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Sledding in Central Park has been a winter tradition in Manhattan since the 19th century. (Photograph by Bates Littlehales, National Geographic Creative)

Throwback Travel: Sledding in Central Park

The time this photo of sledders in Central Park hit newsstands in National Geographic magazine: December 1960. Meanwhile, on Broadway, audiences applaud the new Lerner and Loewe musical Camelotand newly elected John F. Kennedy prepares to assume the American presidency.

Here are a few other interesting intersections:

  • Cedar Hill, where this photograph was captured, remains one of Central Park’s best and most beloved sledding spots. Pilgrim Hill, just north of the 72nd Street entrance, is another favorite for downhill racers.
  • The same day Central Park received its first snowfall of the season in 1960 (on December 11), John F. Kennedy narrowly escaped with his life in Palm Beach, Florida. As retired postal worker Richard Paul Pavlick waited to drive his dynamite-laden car into the president-elect’s limo, he saw JFK leave for church with his wife, daughter Caroline, and two-week-old son, John, Jr., and abandoned his plans.
  • Just days later, on December 16, snow-clad Manhattan is “a picture out of a fairy book” for 11-year-old Stephen Baltz looking out the window of United Flight 826. Moments after the thought occurs to him, his plane collides with TWA Flight 266 a mile above the city, sending it crashing into the Park Slope neighborhood in Brooklyn. Baltz, the lone survivor, was pulled from the wreckage, only to die the next day.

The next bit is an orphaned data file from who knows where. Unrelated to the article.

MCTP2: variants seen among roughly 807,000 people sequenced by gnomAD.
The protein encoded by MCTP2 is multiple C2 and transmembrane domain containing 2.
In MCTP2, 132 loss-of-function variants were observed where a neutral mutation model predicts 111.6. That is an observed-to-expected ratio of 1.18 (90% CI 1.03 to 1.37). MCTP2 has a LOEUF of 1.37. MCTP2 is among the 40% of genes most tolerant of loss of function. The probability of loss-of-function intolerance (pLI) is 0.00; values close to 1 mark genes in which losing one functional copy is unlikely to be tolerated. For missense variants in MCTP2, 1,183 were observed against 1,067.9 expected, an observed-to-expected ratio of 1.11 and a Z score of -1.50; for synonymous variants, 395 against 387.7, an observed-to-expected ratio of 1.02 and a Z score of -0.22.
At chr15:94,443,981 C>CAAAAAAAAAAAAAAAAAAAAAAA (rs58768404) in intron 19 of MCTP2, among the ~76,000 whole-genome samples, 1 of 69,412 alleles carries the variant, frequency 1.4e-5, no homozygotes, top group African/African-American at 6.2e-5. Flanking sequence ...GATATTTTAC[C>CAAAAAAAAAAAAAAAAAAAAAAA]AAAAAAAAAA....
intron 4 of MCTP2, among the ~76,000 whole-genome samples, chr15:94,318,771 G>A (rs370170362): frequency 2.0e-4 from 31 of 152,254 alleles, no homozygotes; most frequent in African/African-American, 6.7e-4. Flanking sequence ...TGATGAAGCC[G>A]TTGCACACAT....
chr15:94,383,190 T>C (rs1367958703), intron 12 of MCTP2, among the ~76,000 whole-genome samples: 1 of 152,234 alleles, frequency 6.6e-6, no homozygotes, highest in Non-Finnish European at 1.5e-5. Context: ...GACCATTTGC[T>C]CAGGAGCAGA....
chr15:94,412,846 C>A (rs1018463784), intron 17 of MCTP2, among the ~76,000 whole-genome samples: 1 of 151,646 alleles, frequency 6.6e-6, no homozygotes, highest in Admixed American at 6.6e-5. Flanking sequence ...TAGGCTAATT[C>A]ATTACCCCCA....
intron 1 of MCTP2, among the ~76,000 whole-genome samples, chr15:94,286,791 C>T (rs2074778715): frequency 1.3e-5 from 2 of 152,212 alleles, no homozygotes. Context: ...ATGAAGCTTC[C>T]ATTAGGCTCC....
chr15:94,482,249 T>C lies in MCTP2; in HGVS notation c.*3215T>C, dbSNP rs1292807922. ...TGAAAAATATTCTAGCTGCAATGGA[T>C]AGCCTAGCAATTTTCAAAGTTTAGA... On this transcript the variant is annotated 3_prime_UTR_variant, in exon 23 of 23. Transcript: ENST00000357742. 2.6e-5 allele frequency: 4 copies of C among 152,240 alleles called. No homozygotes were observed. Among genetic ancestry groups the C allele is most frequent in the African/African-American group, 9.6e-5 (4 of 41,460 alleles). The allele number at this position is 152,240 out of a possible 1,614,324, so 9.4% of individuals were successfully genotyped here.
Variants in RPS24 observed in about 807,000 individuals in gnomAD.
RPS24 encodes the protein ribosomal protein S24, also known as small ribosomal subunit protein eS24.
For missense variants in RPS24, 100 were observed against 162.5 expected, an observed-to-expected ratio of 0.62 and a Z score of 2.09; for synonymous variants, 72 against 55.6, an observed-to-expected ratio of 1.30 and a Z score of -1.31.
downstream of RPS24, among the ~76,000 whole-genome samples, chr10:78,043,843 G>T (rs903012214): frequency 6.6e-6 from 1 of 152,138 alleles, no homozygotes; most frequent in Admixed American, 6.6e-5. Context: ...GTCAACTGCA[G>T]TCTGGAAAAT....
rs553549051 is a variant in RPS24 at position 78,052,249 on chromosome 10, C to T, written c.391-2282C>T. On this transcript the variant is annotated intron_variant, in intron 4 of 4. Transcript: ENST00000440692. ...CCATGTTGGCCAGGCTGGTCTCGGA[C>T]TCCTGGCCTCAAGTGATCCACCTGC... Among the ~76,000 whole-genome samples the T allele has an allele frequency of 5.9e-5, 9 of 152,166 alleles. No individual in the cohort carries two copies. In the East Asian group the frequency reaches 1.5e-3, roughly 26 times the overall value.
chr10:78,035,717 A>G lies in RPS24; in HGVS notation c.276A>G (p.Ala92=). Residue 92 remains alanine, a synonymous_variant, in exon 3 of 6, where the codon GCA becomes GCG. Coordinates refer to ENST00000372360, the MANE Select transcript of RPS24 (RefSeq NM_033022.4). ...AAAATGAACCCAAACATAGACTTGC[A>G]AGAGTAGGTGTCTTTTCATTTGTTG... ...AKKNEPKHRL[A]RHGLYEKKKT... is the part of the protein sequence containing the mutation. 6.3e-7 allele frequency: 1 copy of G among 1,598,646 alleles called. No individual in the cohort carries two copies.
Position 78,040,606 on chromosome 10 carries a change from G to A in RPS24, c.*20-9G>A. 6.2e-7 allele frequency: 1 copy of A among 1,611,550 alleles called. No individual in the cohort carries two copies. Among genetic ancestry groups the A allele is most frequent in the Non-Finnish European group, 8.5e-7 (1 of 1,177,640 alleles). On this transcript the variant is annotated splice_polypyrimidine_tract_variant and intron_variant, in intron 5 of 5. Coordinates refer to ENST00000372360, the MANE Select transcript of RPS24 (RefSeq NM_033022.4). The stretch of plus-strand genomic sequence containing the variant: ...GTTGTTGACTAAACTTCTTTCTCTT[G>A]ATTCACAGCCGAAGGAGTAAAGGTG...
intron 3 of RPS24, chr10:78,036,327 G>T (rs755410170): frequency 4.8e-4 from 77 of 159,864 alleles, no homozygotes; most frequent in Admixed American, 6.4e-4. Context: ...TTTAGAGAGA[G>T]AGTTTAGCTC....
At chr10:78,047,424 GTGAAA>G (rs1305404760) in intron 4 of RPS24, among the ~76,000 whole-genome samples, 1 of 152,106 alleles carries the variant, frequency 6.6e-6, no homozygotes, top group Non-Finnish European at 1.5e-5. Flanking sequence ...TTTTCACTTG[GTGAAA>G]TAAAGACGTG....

• Famed Mount Everest explorer Sir Edmund Hillary was booked on United 826, but missed the flight.
  • The December 16 United 826 air disaster marked the first time investigators made extensive use of a plane’s flight data recorder (popularly known as a “black box”) to piece together the cause of a crash.
  • The doomed flight was heading from Chicago’s O’Hare to Idlewild. The New York airport would be renamed John F. Kennedy International Airport, to honor Kennedy after he was assassinated in Dallas on November 22, 1963.
  • JFK is one of only two airports in North America that offers direct flights to all six inhabited continents. The other is Pearson International Airport in Toronto.
  • Following his assassination, Camelot became associated with John F. Kennedy when his widow, Jacqueline, referenced the still-popular play in an interview with Life journalist Theodore White. The comparison has become a cornerstone of the mythology surrounding the Kennedy administration.
  • Camelot lyricist Alan Jay Lerner was JFK’s classmate at Choate boarding school and later at Harvard. As he finished up his undergraduate studies, Kennedy penned a senior thesis on the topic of British participation in the Munich Agreement. The treatise went on to become a bestseller under the title Why England Slept, an allusion to Winston Churchill’s While England Slept.
  • Subway fare cost 15 cents in 1960. So did a piece of pizza. The coincidence was observed by Bronx-born patent lawyer Eric M. Bram, who noted that from the early 1960s “the price of a slice of pizza has matched, with uncanny precision, the cost of a New York subway ride.” The “Pizza Principle,” as the economic theory is known, still holds true today.

Andrew Nelson is a contributing editor at National Geographic Traveler magazine. Follow his adventures in wanderlust on Twitter @andrewnelson.

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